“I can understand why you’d want to use a range of fonts — they’re definitely eye-catching. However, studies have shown that title fonts like that are harder for people to read in smaller sizes, and using too many can actually dilute the power of your brand.”

Remember, they’re hiring you not only for your writing ability or design expertise, but also for your knowledge. It’s your job to advise them, too.

6. Broad feedback

At first, feedback like “Do whatever you want,” seems like a blessing. Here’s real-life proof it’s not, from a professional in the field:

“A friend of a friend wants me to do a logo for his new company for free.

Me: Do you have any ideas on how you want the logo to be?

Client: The ball is in your court, do however you want to. Preferably inspired by the company name.

I work for an hour and come up with a few sketches.

I present said sketches over a Skype call.

Client: Yeah, this is not what I had in mind, you’re gonna have to come up with something else.

Me: What do you have in mind then?

Client: I don’t know.

I hang up Skype call.”

Don’t put yourself in a frustrating situation. When your clients give you loose guidance like this, let them know that to serve them better, you’ll need more specifics.

Imagine a similar conversation with any other professional services business:

Client: “I’d like to renovate my office.”
Contractor: “Sure, what would you like done?”
Client: “I’ll know it when I see it.”

Client: “I’d like you to hire some all-star copywriters for my team.”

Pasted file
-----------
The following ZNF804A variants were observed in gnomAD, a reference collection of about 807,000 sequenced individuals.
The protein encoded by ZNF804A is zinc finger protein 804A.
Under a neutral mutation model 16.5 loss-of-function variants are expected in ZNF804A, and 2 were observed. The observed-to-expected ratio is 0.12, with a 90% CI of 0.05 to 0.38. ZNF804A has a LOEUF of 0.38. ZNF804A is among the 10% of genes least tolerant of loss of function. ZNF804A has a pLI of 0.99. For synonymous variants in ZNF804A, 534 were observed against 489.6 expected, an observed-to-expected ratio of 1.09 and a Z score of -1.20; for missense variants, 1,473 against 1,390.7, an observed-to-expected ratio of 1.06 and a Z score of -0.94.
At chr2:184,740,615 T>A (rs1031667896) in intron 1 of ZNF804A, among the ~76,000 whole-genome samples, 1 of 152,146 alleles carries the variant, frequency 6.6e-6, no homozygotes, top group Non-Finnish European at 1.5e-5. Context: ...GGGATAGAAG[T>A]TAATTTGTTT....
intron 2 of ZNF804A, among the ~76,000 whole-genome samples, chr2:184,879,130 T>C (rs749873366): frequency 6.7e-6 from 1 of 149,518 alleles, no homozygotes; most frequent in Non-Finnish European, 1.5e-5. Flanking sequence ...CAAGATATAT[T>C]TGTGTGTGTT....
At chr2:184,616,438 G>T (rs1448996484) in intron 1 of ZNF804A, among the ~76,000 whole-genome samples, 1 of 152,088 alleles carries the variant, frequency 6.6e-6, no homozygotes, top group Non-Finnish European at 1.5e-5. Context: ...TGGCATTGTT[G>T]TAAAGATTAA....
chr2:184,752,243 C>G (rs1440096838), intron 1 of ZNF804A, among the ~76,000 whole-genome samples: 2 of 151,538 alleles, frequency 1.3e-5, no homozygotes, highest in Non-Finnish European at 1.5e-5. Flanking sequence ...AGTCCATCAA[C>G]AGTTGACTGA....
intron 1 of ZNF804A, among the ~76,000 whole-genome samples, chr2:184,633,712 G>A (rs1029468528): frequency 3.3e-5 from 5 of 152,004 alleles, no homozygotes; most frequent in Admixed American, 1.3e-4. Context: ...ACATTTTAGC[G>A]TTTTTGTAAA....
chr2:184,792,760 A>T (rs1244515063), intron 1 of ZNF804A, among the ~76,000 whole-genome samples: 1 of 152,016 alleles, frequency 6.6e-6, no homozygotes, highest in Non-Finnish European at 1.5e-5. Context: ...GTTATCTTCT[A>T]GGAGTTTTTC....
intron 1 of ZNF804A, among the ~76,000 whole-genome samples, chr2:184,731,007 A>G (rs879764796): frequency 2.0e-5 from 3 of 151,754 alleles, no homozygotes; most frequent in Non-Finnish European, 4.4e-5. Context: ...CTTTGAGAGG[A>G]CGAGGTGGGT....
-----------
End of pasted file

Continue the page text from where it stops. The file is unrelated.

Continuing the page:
Recruiter: “Sure, what are you looking for in your employees?”
Client: “Just do whatever you want.”

We say “imagine” because feedback like this would never be given elsewhere. So why would your client think it’s okay to give to you?

7. Unconstructive client feedback

This has to be the worst kind of feedback. Not only does is it negative and unconstructive, but it’s insulting, too.

You spent hours designing ten different versions of that new logo; you followed your client’s guidelines to the letter; and you pulled inspiration from history, psychology, literature, and some of the world’s most successful brands and advertising minds.

You shoot it over to your client and ten minutes later get a four-word response: “I don’t like it.”

We won’t rehash why this is bad feedback, but we will remind you to take a deep breath before you respond to it. It’s easy to get defensive over something you poured hours of your life and gallons of creativity into, especially when the feedback has no value to you as a designer.

But, instead of letting your blood boil to the point you rage-respond with something in all caps, remember that your client may not appreciate what you’ve put together because the subtleties are lost on them.

Try to explain why you picked the image or the font or the color that you did, or why you used slang in their tagline. If they’re still unsatisfied, ask them what they’d like to see in the next iteration. And make sure they give you specifics.